Most of the masses in the universe consist of a kind of matter that none of us has ever seen. This is called "dark matter" and, despite being incredibly rich, it is also extremely difficult to study. The calculations of the past decades have shown that there are more dark matter around the younger galaxies than the ancient ones from the early days of the universe, but where does the dark matter come from today? The new study offers an answer.
Previous research has shown that the galaxies we see nearby have darker substances than those that are far apart. The distant galaxy in the past, we are actually looking at, and scientists believed that these ancient galaxies did not have so much dark matter around them. As it turned out, that's not the case.
After studying some 1,500 galaxies, researchers led by Alfred Tiley of Durham University found that the amount of dark matter surrounding these huge collections of stars and planets was roughly the same as ever.
Detecting dark matter around the galaxy can be awkward, but it is made easier by calculating the gravitational effect that matter has on the environment. We can not see the dark matter in the universe because it does not reflect light, but still has gravitational attraction, just like "normal" matter. Calculating the size of the galaxy and the speed of star movement at its edges, scientists can calculate how much the dark matter lurks at the edges.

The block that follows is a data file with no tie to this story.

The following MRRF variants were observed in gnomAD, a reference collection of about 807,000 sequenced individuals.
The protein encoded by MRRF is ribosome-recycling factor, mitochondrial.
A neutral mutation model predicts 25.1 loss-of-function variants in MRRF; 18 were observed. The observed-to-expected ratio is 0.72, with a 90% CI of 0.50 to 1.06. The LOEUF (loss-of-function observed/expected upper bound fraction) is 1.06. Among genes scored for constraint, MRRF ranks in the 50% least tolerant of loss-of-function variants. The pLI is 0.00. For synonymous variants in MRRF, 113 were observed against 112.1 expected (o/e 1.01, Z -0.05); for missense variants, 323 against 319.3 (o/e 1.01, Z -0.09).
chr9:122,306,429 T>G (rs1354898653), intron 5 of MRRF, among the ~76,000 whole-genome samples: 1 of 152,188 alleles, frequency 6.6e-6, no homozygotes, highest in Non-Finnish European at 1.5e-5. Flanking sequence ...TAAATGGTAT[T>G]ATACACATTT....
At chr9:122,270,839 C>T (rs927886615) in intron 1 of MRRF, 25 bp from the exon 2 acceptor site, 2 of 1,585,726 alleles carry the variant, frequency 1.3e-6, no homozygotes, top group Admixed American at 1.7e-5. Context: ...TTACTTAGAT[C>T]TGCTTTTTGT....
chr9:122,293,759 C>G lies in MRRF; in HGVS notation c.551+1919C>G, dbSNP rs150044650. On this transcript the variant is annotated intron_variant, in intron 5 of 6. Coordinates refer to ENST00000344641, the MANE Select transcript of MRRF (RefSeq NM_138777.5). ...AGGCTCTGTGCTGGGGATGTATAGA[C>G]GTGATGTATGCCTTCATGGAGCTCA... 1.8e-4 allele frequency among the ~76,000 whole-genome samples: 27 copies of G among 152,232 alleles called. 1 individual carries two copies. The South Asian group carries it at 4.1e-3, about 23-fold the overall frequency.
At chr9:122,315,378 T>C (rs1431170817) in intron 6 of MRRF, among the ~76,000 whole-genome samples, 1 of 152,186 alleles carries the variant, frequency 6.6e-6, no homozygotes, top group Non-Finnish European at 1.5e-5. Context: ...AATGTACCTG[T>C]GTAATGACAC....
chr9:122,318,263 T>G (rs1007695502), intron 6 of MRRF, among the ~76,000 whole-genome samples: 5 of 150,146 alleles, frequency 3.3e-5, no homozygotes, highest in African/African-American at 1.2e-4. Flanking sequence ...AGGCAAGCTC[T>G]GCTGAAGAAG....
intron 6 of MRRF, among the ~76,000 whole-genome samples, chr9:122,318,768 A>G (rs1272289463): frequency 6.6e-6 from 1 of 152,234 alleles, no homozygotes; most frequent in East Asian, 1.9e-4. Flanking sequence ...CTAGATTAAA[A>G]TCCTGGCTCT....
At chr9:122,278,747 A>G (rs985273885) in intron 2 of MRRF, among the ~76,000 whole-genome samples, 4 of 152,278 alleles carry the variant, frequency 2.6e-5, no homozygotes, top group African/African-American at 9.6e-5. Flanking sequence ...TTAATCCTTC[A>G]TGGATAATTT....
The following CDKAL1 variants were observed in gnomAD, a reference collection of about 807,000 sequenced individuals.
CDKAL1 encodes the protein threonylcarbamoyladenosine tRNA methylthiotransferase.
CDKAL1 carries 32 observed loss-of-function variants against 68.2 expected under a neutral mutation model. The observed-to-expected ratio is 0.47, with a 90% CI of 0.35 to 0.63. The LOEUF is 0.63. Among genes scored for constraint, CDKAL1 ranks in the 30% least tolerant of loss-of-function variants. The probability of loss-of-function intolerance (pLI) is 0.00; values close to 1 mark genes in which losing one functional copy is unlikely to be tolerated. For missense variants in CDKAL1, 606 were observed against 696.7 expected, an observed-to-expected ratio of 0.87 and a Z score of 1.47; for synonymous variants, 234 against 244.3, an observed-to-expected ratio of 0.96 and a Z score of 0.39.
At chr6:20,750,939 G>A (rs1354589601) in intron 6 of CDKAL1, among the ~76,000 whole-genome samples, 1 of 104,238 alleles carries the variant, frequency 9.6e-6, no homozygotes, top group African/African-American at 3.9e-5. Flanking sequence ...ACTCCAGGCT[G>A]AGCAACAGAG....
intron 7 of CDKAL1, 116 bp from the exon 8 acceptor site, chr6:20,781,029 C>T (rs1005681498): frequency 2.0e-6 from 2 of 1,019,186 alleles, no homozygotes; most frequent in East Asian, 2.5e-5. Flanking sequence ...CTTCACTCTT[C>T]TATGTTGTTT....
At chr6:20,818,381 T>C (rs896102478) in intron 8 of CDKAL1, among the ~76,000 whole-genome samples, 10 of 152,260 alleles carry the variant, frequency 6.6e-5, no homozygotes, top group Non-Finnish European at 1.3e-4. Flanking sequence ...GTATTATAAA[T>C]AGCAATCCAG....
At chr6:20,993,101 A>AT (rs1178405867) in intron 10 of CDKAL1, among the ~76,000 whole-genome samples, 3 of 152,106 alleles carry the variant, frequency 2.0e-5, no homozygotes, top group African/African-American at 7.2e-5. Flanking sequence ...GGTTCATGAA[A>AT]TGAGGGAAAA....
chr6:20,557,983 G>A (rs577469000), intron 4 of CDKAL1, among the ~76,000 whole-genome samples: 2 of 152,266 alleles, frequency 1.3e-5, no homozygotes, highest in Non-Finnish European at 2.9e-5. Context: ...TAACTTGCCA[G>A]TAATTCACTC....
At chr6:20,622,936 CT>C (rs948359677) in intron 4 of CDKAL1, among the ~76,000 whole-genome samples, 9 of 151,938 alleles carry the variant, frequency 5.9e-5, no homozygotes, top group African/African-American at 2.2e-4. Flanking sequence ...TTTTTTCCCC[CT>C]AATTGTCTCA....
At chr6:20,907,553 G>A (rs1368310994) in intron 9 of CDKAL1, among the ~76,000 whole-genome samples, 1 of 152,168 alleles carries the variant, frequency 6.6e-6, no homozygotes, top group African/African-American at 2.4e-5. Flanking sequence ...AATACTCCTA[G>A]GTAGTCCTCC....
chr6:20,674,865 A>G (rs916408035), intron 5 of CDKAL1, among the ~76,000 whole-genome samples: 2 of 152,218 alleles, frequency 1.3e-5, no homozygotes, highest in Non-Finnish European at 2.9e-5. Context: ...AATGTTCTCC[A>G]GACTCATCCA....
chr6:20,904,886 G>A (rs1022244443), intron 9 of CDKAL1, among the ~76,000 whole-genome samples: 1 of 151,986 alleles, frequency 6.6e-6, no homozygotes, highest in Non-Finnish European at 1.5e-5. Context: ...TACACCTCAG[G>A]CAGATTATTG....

This last round of research has applied the same formula to hundreds of galaxies, both young and old. Scientists now believe that there is not much difference between the amount of dark matter around the ancient galaxies compared to the much younger.
However, as Live Science reports, the astronomical community is not fully involved in this new finding. The model used by Tiley and his team is being questioned, especially regarding the measurements of remote galaxy galaxies studied by others looking for dark matter.
We will have to wait and see how this is going on, but the results are certainly interesting and will undoubtedly deepen the discussion of where the space darkness lays.